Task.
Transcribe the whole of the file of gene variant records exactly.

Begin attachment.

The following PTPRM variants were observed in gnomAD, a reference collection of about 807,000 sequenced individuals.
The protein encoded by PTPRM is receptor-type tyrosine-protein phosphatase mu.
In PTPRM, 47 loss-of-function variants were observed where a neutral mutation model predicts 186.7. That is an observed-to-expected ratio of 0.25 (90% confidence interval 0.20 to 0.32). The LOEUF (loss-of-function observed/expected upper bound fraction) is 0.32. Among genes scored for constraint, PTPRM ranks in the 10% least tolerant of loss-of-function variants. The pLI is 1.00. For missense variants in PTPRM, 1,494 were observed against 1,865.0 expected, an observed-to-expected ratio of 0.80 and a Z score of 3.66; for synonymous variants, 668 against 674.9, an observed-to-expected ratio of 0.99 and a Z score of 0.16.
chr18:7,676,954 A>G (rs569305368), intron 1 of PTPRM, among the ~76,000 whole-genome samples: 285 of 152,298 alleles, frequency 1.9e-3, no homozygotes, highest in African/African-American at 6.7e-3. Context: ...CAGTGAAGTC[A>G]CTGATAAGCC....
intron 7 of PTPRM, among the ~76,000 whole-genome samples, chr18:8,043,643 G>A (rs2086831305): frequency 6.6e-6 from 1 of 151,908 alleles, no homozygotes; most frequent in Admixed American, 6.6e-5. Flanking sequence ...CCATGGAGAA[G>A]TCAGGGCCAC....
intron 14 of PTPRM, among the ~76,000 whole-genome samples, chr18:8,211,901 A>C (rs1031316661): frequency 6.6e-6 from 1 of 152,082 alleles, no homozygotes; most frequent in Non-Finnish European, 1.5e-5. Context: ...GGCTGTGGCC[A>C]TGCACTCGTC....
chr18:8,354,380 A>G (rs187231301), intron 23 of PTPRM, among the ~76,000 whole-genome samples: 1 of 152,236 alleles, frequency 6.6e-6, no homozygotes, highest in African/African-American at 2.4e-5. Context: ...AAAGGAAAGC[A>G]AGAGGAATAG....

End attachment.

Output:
The following PTPRM variants were observed in gnomAD, a reference collection of about 807,000 sequenced individuals.
The protein encoded by PTPRM is receptor-type tyrosine-protein phosphatase mu.
In PTPRM, 47 loss-of-function variants were observed where a neutral mutation model predicts 186.7. That is an observed-to-expected ratio of 0.25 (90% confidence interval 0.20 to 0.32). The LOEUF (loss-of-function observed/expected upper bound fraction) is 0.32. Among genes scored for constraint, PTPRM ranks in the 10% least tolerant of loss-of-function variants. The pLI is 1.00. For missense variants in PTPRM, 1,494 were observed against 1,865.0 expected, an observed-to-expected ratio of 0.80 and a Z score of 3.66; for synonymous variants, 668 against 674.9, an observed-to-expected ratio of 0.99 and a Z score of 0.16.
chr18:7,676,954 A>G (rs569305368), intron 1 of PTPRM, among the ~76,000 whole-genome samples: 285 of 152,298 alleles, frequency 1.9e-3, no homozygotes, highest in African/African-American at 6.7e-3. Context: ...CAGTGAAGTC[A>G]CTGATAAGCC....
intron 7 of PTPRM, among the ~76,000 whole-genome samples, chr18:8,043,643 G>A (rs2086831305): frequency 6.6e-6 from 1 of 151,908 alleles, no homozygotes; most frequent in Admixed American, 6.6e-5. Flanking sequence ...CCATGGAGAA[G>A]TCAGGGCCAC....
intron 14 of PTPRM, among the ~76,000 whole-genome samples, chr18:8,211,901 A>C (rs1031316661): frequency 6.6e-6 from 1 of 152,082 alleles, no homozygotes; most frequent in Non-Finnish European, 1.5e-5. Context: ...GGCTGTGGCC[A>C]TGCACTCGTC....
chr18:8,354,380 A>G (rs187231301), intron 23 of PTPRM, among the ~76,000 whole-genome samples: 1 of 152,236 alleles, frequency 6.6e-6, no homozygotes, highest in African/African-American at 2.4e-5. Context: ...AAAGGAAAGC[A>G]AGAGGAATAG....